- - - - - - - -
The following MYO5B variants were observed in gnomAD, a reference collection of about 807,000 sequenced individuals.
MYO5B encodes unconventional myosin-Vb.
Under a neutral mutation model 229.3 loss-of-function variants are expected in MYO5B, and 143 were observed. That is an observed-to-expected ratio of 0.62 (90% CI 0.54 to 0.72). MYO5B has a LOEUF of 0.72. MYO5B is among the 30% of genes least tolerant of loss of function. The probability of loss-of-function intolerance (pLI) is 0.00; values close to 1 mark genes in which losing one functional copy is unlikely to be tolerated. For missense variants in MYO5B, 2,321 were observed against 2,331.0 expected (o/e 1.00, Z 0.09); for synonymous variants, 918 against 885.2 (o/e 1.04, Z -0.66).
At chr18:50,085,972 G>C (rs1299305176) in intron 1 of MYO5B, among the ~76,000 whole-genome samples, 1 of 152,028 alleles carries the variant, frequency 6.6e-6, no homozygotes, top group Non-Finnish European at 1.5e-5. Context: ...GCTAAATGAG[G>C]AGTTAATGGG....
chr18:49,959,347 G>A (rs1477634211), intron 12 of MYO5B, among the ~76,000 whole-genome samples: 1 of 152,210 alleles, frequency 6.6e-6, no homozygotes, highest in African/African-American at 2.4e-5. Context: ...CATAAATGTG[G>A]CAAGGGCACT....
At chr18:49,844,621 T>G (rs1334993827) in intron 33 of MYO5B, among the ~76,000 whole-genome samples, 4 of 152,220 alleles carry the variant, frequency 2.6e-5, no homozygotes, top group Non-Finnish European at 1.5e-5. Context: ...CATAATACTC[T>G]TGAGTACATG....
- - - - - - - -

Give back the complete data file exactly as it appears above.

The following MYO5B variants were observed in gnomAD, a reference collection of about 807,000 sequenced individuals.
MYO5B encodes unconventional myosin-Vb.
Under a neutral mutation model 229.3 loss-of-function variants are expected in MYO5B, and 143 were observed. That is an observed-to-expected ratio of 0.62 (90% CI 0.54 to 0.72). MYO5B has a LOEUF of 0.72. MYO5B is among the 30% of genes least tolerant of loss of function. The probability of loss-of-function intolerance (pLI) is 0.00; values close to 1 mark genes in which losing one functional copy is unlikely to be tolerated. For missense variants in MYO5B, 2,321 were observed against 2,331.0 expected (o/e 1.00, Z 0.09); for synonymous variants, 918 against 885.2 (o/e 1.04, Z -0.66).
At chr18:50,085,972 G>C (rs1299305176) in intron 1 of MYO5B, among the ~76,000 whole-genome samples, 1 of 152,028 alleles carries the variant, frequency 6.6e-6, no homozygotes, top group Non-Finnish European at 1.5e-5. Context: ...GCTAAATGAG[G>C]AGTTAATGGG....
chr18:49,959,347 G>A (rs1477634211), intron 12 of MYO5B, among the ~76,000 whole-genome samples: 1 of 152,210 alleles, frequency 6.6e-6, no homozygotes, highest in African/African-American at 2.4e-5. Context: ...CATAAATGTG[G>A]CAAGGGCACT....
At chr18:49,844,621 T>G (rs1334993827) in intron 33 of MYO5B, among the ~76,000 whole-genome samples, 4 of 152,220 alleles carry the variant, frequency 2.6e-5, no homozygotes, top group Non-Finnish European at 1.5e-5. Context: ...CATAATACTC[T>G]TGAGTACATG....